Generally, the number of majority diverse-owned partners has increased 79% since 2019, according to Guimaraes. This committee meeting ended with a note that the UC Investments team remains male-dominated, as well as ideas for furthering the Toigo Fellowship, a sponsored investment club providing a space for students that are women and people of color to develop investment skills and business-based career opportunities.
Following the Investment Committee, the Compliance and Audit Committee met briefly to approve the External Audit Plan for the year. The plan, which aims to audit the university’s compliance with certain federal requirements and provide opinions on university financial statements, was approved without discussion or question.
The Public Engagement and Development Committee also met to discuss ongoing community engagement programs, community access to COVID-19 protection, federal funding budgets, transfer program requirements and student outreach across the UC system.
The first outreach program discussed was Unidos en Salud, which works to mitigate disparities in access to low-barrier healthcare to Latines and other excluded communities. This program works with access to all healthcare, but also focuses on COVID-19 protection, including testing and vaccines.
“A key part is to disseminate information to the community, public health science, and the media and you will notice I put community first,” explained Diane Havlir, USF professor and faculty lead for Unidos en Salud. “Every time that we had new data, we immediately shared it with the community and the public health. we did not – science can go at a glacial pace – and publications, we did not wait for that process. We immediately shared data.”
Illustrating the work Community Construction Outreach does in bolstering local hiring on UC construction projects, Benita Benavides, assistant director for UCSF Community Construction Outreach Program explained that access to construction work is crucial because of its “low barrier to entry.”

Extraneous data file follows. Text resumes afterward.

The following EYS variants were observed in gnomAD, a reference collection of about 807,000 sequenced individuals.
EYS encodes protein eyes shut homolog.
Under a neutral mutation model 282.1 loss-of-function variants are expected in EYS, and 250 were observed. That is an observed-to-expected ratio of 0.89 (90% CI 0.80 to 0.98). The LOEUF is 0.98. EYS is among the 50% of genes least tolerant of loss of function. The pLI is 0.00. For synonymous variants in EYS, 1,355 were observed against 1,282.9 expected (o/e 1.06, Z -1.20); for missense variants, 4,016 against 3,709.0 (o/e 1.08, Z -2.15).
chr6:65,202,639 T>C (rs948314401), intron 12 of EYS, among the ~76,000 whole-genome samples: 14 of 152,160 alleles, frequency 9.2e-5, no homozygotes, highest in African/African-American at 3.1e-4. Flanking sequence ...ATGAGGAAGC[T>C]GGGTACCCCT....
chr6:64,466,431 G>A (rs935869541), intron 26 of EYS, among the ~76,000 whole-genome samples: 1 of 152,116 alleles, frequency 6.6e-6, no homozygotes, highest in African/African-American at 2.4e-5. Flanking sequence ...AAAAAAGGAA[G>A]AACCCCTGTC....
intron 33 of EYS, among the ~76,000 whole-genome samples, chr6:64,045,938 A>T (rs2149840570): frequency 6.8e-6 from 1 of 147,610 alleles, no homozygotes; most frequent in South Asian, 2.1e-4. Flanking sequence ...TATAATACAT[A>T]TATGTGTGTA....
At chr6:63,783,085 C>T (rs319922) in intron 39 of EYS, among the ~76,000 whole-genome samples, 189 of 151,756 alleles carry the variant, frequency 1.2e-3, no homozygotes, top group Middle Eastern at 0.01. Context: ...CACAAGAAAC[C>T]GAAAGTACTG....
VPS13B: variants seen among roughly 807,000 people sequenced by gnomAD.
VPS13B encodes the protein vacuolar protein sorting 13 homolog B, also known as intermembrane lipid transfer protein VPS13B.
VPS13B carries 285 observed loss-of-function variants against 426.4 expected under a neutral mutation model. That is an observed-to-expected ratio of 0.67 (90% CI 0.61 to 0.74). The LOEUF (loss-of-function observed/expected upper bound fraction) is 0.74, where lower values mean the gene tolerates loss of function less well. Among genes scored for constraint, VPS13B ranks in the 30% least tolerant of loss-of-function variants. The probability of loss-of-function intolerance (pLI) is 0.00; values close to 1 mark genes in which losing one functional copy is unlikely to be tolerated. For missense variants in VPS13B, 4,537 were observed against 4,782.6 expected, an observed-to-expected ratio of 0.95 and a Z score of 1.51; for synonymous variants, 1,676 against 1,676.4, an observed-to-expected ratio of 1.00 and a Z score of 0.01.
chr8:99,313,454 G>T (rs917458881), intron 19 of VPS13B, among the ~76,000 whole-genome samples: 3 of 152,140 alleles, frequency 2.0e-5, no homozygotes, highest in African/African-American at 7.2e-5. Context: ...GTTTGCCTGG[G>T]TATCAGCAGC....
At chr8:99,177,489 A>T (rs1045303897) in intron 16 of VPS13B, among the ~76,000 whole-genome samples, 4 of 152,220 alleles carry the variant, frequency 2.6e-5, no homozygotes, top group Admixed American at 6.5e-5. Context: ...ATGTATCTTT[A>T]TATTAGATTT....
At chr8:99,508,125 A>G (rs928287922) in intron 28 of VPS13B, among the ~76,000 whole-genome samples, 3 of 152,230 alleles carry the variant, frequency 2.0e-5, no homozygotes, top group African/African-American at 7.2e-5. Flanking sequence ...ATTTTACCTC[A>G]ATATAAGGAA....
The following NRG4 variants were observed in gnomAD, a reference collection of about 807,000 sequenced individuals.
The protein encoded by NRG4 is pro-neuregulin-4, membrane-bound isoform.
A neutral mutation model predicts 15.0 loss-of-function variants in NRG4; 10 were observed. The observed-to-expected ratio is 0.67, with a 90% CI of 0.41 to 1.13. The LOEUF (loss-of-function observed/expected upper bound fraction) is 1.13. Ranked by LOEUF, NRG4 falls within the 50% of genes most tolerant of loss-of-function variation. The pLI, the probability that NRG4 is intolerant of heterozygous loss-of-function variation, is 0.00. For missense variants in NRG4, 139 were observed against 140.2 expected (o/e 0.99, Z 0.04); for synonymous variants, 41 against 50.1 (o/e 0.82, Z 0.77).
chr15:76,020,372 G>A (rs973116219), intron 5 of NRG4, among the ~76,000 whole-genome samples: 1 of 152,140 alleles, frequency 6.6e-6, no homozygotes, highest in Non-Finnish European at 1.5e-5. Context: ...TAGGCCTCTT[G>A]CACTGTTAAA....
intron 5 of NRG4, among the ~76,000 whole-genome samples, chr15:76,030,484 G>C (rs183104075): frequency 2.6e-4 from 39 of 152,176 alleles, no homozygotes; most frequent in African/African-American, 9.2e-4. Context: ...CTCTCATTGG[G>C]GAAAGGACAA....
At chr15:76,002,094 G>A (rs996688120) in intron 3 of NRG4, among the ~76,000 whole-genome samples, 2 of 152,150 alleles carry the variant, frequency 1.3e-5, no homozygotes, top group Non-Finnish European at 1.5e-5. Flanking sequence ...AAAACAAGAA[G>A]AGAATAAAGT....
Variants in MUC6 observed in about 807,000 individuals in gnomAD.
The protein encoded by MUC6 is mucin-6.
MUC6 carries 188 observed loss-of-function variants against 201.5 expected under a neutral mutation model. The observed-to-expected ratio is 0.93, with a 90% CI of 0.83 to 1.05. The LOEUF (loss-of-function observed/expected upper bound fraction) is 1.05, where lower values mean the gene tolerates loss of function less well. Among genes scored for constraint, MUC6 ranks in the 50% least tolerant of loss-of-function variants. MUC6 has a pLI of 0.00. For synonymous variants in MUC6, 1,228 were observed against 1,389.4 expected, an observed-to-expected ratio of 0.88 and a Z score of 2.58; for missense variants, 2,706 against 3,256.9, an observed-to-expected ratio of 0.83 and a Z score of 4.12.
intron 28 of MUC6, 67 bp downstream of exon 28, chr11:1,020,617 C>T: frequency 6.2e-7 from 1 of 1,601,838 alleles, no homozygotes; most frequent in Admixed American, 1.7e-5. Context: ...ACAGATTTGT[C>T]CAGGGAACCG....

At the meeting, the Board of Regents discussed requirements for associate’s degrees for transfers and the TAG program, with UC President Michael Drake advocating simplifying the transfer process without abandoning historically excluded groups and students at colleges with low transfer rates.
In order to improve student outreach and equity, student observer to the Public Engagement and Development Committee Selene Aradon advocated for increased funding for disability services, basic needs, housing and Cal Grant.
“It is vital that there is an increase in funds provided, services, and basic needs. Students should not have to attend school worried about food, housing, or whether they will see the appropriate accommodations that will allow them to participate in their classes and succeed,” Aradon explained.
The two-day meeting of the Board of Regents concluded with an open board summary and report approval on all that was discussed and recommended by each committee.
Natasha Kaye, Kat Shok, Vani Suresh, Laurel Spear and Lauren Mandel contributed to this article.